State orders engineer not to talk about – engineering!

A retired engineer living in North Carolina has been threatened with criminal charges for talking about – engineering.

And the Institute for Justice has taken up his claim to have First Amendment rights to participate in such discussions by filing a lawsuit on his behalf.

At issue is that although Wayne Nutt graduated with an engineering degree and worked in the field his entire 40-year career, he worked for a corporation and under the “industrial exception” was not required to hold his own engineering license.

The dispute arose when he offered comment on a piping system that reportedly flooded a couple of homes.

The North Carolina Board of Examiners for Engineers and Surveyors rejected his comments, not saying his comments were wrong but that they were illegal.

The institute disagrees.

“The First Amendment protects our right to hear useful speech on complex topics. Talking about engineering is just that – talking – and the government has no business forbidding Wayne or anyone else from talking about their own knowledge and experience,” said Robert McNamara, an IJ lawyer.

Nutt also has commented to state and county governments and testified before a county commission on various issues.

The state board sent him a certified letter warning that he was under investigation for possible criminal charges.

“It’s absurd that I spent decades practicing as an engineer but now can’t speak about engineering without a state license,” he said. “Just as any other American, I have a right to speak out when I see something that is wrong. The board should not be able to silence me, or anyone else, when stating an opinion. And, in my case, an opinion I can back up with my knowledge of engineering and my years of experience.”

The IJ pointed out that the board is known for such antics, and it previously sued a photographer who was using drones to take informational photographs, which he sold.

The board accused him of performing surveying work without a license.

“Talking about engineering is speech and the government cannot make it illegal to speak on certain topics without a license. By some estimates, 80% of engineers nationwide work legally without a license. By the board’s interpretation, most engineers in North Carolina could not legally comment publicly on engineering,” the IJ explained.

“In this country, we rely on people to decide who they want to listen to rather than relying on the government to decide who gets to speak,” said IJ Attorney Joe Gay. “North Carolina’s engineering board is getting that important principle exactly backwards.”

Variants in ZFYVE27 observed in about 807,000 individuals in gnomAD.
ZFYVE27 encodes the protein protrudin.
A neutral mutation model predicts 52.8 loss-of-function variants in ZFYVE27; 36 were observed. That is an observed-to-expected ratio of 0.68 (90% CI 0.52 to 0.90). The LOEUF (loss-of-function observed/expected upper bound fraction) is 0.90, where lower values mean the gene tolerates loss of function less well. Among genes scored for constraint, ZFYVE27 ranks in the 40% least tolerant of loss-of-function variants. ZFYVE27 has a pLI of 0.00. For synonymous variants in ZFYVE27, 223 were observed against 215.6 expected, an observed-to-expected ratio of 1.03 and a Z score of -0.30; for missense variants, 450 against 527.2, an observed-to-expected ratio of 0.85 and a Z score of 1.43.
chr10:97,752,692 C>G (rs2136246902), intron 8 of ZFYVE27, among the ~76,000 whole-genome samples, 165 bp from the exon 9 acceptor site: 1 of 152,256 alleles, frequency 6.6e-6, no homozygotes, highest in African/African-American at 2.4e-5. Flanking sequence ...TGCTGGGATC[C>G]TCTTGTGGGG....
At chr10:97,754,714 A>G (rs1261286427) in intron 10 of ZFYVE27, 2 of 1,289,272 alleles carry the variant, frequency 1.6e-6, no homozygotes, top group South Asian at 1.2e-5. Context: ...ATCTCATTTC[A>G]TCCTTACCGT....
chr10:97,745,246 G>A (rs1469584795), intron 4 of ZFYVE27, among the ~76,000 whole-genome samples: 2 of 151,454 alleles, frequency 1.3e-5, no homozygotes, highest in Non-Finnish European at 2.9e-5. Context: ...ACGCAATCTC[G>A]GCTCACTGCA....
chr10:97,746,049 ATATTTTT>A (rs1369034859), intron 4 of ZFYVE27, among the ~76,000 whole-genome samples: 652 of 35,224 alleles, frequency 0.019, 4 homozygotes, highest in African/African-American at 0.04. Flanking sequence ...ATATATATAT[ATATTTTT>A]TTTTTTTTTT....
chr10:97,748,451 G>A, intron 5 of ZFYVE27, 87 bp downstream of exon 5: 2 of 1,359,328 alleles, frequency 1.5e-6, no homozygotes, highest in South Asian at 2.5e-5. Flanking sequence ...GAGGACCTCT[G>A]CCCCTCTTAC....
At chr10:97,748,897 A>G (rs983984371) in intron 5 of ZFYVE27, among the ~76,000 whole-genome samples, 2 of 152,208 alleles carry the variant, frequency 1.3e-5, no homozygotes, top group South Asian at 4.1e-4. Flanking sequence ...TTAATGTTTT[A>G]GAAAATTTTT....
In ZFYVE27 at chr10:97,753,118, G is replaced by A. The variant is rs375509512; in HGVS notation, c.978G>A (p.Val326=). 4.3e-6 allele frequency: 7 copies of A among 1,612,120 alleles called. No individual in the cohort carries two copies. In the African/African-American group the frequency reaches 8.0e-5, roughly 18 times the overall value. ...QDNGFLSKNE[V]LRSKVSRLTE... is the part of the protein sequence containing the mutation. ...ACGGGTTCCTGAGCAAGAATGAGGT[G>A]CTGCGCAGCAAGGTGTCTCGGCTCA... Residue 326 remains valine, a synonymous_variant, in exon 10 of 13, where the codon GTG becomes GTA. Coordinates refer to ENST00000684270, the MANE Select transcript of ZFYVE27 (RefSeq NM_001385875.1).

The legal team previously won fights on First Amendment grounds for an Oregon engineer who commented on the timing of traffic lights, for a Mississippi mapping company, a veterinarian in Texas and tour guides in South Carolina.

“Occupational licensing boards are the new censors in America, and they wield their power aggressively,” said IJ President Scott Bullock. “As occupational-licensing laws take up more and more space in the American economy, it is more important than ever that courts be vigilant to prevent them from taking over the First Amendment as well.”

Defendants in the case include Andrew Ritter, the chief of the board, and board members John Logsdon, Jonathan Care, Dennis Hoyle, Richard Benton, Carl Ellington Jr., Cedric Fairbanks, Brenda Moore, Carol Salloum and Andrew Zoutwelle.

The complaint explains the focal point of the problem: “The board’s position is that it is perfectly legal for Wayne Nutt to spend decades gaining hands-on engineering expertise by designing pipes that are actually built (and supervising other people’s design of pipes that were actually built) but that it would be unlawful for him to simply publicly state his opinions about a pipe designed by someone else.”

It continued, “But for the threat of enforcement of North Carolina’s extremely broad prohibition on the unlicensed ‘practice’ of engineering, Nutt would be able to continue his longstanding public advocacy on engineering topics without fear of criminal punishment.”

The case seeks an injunction against the board’s enforcement of a speech ban.

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This article was originally published by the WND News Center.

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